The Rugby World Cup 2019 has come to Japan with a force, inspiring the nation with a fervent pride in our team, who claimed a stunning victory over Ireland on Saturday. Like many of my compatriots, I have been swept up in the excitement of cheering for our team and having our country play host to the competition, which kicked off 20 September and finishes 2 November.
I recently sat down with Katsuyuki Kiyomiya, Vice President of Japan Rugby Football Union and a former notable rugby union coach, who is tasked with leading the transformation to create a professional rugby league in Japan.
The Rugby World Cup 2019 has revealed to Japan that rugby, too often a forgotten sport, could have a place in the country’s professional leagues and could regain its popularity with youth. Beyond the excitement on the pitch, it has also revealed that the sport offers important lessons for success.
Here are three lessons leaders can learn from rugby.
1. Embrace transformation
The sport of rugby requires constant and fluid agility and decision-making. Compared to other sports, where the coach makes a call each play, the role of the rugby coach is to bring the team to the point where they can adapt and make decisions on the field for themselves.
This leadership style embraces the need for transformation, which is becoming increasingly important. As the world experiences the rapid changes of the Fourth Industrial Revolution, globalization and geopolitical instability, corporate longevity is rapidly declining, meaning leaders must embrace continuous adaptation to stay relevant and competitive.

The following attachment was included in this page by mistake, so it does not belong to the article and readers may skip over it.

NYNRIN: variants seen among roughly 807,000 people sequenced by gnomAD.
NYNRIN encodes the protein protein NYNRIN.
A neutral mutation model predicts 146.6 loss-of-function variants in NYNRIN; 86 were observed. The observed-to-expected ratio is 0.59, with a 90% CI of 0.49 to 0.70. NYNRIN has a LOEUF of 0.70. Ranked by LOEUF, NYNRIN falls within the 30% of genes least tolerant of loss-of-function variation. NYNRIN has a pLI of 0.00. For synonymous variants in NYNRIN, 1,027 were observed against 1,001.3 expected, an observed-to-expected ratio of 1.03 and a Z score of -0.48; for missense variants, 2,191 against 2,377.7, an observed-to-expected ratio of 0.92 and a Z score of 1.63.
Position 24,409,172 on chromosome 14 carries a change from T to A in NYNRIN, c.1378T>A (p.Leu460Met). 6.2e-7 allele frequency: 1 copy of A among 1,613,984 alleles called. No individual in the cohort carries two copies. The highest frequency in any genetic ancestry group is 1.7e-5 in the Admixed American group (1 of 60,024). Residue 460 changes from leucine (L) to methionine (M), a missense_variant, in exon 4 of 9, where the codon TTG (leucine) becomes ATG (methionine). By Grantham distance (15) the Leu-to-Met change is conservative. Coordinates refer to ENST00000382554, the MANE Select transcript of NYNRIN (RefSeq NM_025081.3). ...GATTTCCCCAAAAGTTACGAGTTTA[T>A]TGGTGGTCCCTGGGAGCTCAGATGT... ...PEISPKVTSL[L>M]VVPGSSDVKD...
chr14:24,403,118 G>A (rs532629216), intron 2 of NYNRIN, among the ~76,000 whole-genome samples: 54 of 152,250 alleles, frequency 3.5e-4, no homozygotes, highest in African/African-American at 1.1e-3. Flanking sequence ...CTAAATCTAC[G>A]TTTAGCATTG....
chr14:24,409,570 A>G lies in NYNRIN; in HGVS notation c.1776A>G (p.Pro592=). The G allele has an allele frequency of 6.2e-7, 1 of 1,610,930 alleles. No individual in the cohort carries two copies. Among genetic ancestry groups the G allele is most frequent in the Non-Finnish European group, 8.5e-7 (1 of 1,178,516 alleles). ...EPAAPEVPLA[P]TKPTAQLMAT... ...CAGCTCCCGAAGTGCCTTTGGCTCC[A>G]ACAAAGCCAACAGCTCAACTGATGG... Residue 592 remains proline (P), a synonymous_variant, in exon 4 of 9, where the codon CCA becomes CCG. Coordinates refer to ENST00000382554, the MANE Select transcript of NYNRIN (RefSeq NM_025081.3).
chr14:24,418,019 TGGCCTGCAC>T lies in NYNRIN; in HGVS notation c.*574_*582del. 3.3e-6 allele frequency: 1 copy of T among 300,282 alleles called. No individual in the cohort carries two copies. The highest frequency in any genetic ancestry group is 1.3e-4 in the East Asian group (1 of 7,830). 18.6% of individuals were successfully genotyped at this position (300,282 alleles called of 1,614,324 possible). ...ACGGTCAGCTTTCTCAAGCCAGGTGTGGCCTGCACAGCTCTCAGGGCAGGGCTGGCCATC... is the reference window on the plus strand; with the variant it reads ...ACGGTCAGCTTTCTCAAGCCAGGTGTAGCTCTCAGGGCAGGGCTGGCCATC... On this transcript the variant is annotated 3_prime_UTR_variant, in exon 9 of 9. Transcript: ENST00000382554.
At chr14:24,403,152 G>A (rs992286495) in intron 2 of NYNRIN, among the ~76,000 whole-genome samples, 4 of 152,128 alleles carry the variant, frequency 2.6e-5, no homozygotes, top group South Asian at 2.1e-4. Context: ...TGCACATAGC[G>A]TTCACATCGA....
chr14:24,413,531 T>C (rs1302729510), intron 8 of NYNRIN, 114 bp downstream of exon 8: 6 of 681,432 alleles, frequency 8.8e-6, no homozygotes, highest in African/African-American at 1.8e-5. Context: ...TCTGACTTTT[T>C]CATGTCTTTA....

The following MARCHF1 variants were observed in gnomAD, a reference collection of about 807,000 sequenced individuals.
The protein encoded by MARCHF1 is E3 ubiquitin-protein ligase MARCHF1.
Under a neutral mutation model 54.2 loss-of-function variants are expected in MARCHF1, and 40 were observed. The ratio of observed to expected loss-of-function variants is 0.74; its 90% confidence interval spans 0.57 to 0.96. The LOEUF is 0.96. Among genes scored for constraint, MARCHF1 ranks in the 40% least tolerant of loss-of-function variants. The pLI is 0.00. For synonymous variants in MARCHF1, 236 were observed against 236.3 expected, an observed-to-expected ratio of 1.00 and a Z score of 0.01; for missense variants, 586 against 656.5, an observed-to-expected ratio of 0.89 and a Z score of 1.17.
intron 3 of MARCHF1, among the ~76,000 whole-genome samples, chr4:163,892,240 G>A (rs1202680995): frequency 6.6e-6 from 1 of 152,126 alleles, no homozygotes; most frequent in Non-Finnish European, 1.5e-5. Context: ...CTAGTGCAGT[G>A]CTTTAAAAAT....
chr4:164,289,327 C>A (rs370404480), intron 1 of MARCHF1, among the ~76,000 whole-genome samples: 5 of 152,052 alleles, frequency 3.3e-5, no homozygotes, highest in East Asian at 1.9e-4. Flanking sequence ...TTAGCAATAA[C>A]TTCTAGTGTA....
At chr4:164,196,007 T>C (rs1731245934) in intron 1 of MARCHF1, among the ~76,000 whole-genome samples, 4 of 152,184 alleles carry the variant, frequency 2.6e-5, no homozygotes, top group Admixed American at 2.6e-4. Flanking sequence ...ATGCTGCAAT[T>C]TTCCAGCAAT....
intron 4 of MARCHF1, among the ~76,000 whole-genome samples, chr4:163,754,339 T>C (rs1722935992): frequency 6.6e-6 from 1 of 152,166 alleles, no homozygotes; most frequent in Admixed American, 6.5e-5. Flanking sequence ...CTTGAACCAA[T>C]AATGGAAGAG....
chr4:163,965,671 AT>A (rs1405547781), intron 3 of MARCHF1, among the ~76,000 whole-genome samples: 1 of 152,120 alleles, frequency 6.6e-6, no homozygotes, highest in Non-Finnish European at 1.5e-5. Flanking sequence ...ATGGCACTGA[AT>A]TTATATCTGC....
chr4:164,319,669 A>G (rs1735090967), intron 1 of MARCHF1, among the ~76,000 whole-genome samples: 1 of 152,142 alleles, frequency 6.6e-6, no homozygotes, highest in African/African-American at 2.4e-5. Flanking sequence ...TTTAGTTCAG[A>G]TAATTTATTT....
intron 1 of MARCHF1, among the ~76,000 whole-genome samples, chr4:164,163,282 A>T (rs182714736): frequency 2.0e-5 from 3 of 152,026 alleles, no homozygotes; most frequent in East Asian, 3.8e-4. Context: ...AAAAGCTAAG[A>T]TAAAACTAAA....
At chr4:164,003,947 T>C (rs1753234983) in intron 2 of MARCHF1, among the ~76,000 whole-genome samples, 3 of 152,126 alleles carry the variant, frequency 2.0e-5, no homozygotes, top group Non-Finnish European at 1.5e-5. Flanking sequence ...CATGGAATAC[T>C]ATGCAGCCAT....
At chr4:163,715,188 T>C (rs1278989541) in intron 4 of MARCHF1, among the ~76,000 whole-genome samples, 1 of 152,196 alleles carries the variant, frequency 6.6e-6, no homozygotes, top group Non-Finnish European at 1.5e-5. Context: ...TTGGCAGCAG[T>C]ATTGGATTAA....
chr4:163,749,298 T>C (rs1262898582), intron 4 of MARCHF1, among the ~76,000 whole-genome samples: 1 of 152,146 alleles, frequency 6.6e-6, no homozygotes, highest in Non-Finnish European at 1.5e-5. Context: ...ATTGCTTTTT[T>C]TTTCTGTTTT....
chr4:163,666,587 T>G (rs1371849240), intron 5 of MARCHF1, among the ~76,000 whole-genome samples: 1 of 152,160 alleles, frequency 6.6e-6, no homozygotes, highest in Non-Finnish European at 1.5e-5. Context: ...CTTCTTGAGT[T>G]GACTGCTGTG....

2. Communicate clearly
No rugby team would be successful without constant and clear communication. Teams must know and trust that they have each other’s backs. This requires teammates to articulate next steps and maintain a constant stream of dialogue.
Communication skills are also an important requirement to be an effective leader today. Leaders must be able to articulate their mission and the path to achieve it, maintaining open and honest discussions with their teams.
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3. Learn from diversity
In a rugby team, it’s important to bring together diverse talents. Embracing diversity helps create a team where each individual brings unique skillsets that contribute to the strength of the team as a whole.
In business, this translates to a willingness to expand your network, welcome outside voices and learn from a range of points of views. Magic can happen when you interact with people from different backgrounds and expertise.
Once the Rugby World Cup 2019 is over, my hope is that people in Japan maintain their newfound love of my favourite sport and that we all work together to apply rugby’s lessons to our work and lives.